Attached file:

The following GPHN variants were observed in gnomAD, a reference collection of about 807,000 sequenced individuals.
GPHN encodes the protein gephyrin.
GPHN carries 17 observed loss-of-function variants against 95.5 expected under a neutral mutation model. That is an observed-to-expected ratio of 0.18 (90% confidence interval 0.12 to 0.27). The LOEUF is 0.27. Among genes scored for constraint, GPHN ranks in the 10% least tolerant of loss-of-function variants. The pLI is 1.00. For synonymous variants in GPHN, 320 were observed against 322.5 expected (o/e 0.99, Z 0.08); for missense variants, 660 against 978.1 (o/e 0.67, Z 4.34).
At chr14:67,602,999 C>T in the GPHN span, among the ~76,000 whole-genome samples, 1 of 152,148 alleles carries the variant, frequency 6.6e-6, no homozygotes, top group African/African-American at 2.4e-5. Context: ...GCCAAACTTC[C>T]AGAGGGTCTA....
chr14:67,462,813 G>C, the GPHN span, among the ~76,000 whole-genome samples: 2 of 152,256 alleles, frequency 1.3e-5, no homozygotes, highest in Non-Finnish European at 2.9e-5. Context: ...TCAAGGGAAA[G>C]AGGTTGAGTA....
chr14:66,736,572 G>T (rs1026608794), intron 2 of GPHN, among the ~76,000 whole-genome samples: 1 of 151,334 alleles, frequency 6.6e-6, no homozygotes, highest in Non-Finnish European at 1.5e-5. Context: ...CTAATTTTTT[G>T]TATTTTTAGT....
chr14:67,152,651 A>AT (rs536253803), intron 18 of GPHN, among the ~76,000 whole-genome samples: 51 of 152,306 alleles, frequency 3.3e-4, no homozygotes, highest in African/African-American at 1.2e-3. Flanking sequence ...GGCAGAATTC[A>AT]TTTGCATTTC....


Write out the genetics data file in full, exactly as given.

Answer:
The following GPHN variants were observed in gnomAD, a reference collection of about 807,000 sequenced individuals.
GPHN encodes the protein gephyrin.
GPHN carries 17 observed loss-of-function variants against 95.5 expected under a neutral mutation model. That is an observed-to-expected ratio of 0.18 (90% confidence interval 0.12 to 0.27). The LOEUF is 0.27. Among genes scored for constraint, GPHN ranks in the 10% least tolerant of loss-of-function variants. The pLI is 1.00. For synonymous variants in GPHN, 320 were observed against 322.5 expected (o/e 0.99, Z 0.08); for missense variants, 660 against 978.1 (o/e 0.67, Z 4.34).
At chr14:67,602,999 C>T in the GPHN span, among the ~76,000 whole-genome samples, 1 of 152,148 alleles carries the variant, frequency 6.6e-6, no homozygotes, top group African/African-American at 2.4e-5. Context: ...GCCAAACTTC[C>T]AGAGGGTCTA....
chr14:67,462,813 G>C, the GPHN span, among the ~76,000 whole-genome samples: 2 of 152,256 alleles, frequency 1.3e-5, no homozygotes, highest in Non-Finnish European at 2.9e-5. Context: ...TCAAGGGAAA[G>C]AGGTTGAGTA....
chr14:66,736,572 G>T (rs1026608794), intron 2 of GPHN, among the ~76,000 whole-genome samples: 1 of 151,334 alleles, frequency 6.6e-6, no homozygotes, highest in Non-Finnish European at 1.5e-5. Context: ...CTAATTTTTT[G>T]TATTTTTAGT....
chr14:67,152,651 A>AT (rs536253803), intron 18 of GPHN, among the ~76,000 whole-genome samples: 51 of 152,306 alleles, frequency 3.3e-4, no homozygotes, highest in African/African-American at 1.2e-3. Flanking sequence ...GGCAGAATTC[A>AT]TTTGCATTTC....